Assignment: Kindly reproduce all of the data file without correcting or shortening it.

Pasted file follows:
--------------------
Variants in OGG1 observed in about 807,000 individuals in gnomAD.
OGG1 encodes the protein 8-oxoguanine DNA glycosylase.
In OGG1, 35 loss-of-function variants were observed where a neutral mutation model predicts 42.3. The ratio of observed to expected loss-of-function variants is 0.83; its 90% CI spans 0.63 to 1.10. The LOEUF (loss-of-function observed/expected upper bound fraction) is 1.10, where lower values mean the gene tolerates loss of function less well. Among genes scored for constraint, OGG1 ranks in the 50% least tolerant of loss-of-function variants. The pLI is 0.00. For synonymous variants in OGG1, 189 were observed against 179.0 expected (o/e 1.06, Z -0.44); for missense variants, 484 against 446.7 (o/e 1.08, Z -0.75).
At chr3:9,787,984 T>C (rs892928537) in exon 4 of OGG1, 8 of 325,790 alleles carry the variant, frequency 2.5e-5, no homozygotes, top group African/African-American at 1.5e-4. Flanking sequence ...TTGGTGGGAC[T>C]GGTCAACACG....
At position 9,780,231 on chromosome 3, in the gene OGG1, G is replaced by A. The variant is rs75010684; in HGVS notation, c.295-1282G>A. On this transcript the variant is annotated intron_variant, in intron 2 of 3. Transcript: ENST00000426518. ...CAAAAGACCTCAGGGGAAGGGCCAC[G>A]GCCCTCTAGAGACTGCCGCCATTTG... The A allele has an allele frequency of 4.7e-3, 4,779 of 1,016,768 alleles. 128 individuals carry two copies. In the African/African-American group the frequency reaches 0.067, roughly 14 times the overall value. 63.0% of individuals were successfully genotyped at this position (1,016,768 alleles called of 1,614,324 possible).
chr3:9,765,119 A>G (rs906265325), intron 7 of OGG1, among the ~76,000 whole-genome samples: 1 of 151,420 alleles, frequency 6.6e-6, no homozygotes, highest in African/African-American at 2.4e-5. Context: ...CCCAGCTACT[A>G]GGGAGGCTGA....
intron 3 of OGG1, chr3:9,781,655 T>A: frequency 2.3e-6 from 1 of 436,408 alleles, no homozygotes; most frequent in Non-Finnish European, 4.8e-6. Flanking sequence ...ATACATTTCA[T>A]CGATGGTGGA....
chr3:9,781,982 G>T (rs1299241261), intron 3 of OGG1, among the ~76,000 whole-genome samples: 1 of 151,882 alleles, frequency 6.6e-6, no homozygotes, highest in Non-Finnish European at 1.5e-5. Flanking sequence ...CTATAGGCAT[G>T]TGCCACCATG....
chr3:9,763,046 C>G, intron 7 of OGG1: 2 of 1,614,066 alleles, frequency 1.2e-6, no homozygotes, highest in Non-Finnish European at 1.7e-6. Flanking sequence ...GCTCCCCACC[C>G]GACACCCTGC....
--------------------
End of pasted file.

Variants in OGG1 observed in about 807,000 individuals in gnomAD.
OGG1 encodes the protein 8-oxoguanine DNA glycosylase.
In OGG1, 35 loss-of-function variants were observed where a neutral mutation model predicts 42.3. The ratio of observed to expected loss-of-function variants is 0.83; its 90% CI spans 0.63 to 1.10. The LOEUF (loss-of-function observed/expected upper bound fraction) is 1.10, where lower values mean the gene tolerates loss of function less well. Among genes scored for constraint, OGG1 ranks in the 50% least tolerant of loss-of-function variants. The pLI is 0.00. For synonymous variants in OGG1, 189 were observed against 179.0 expected (o/e 1.06, Z -0.44); for missense variants, 484 against 446.7 (o/e 1.08, Z -0.75).
At chr3:9,787,984 T>C (rs892928537) in exon 4 of OGG1, 8 of 325,790 alleles carry the variant, frequency 2.5e-5, no homozygotes, top group African/African-American at 1.5e-4. Flanking sequence ...TTGGTGGGAC[T>C]GGTCAACACG....
At position 9,780,231 on chromosome 3, in the gene OGG1, G is replaced by A. The variant is rs75010684; in HGVS notation, c.295-1282G>A. On this transcript the variant is annotated intron_variant, in intron 2 of 3. Transcript: ENST00000426518. ...CAAAAGACCTCAGGGGAAGGGCCAC[G>A]GCCCTCTAGAGACTGCCGCCATTTG... The A allele has an allele frequency of 4.7e-3, 4,779 of 1,016,768 alleles. 128 individuals carry two copies. In the African/African-American group the frequency reaches 0.067, roughly 14 times the overall value. 63.0% of individuals were successfully genotyped at this position (1,016,768 alleles called of 1,614,324 possible).
chr3:9,765,119 A>G (rs906265325), intron 7 of OGG1, among the ~76,000 whole-genome samples: 1 of 151,420 alleles, frequency 6.6e-6, no homozygotes, highest in African/African-American at 2.4e-5. Context: ...CCCAGCTACT[A>G]GGGAGGCTGA....
intron 3 of OGG1, chr3:9,781,655 T>A: frequency 2.3e-6 from 1 of 436,408 alleles, no homozygotes; most frequent in Non-Finnish European, 4.8e-6. Flanking sequence ...ATACATTTCA[T>A]CGATGGTGGA....
chr3:9,781,982 G>T (rs1299241261), intron 3 of OGG1, among the ~76,000 whole-genome samples: 1 of 151,882 alleles, frequency 6.6e-6, no homozygotes, highest in Non-Finnish European at 1.5e-5. Flanking sequence ...CTATAGGCAT[G>T]TGCCACCATG....
chr3:9,763,046 C>G, intron 7 of OGG1: 2 of 1,614,066 alleles, frequency 1.2e-6, no homozygotes, highest in Non-Finnish European at 1.7e-6. Flanking sequence ...GCTCCCCACC[C>G]GACACCCTGC....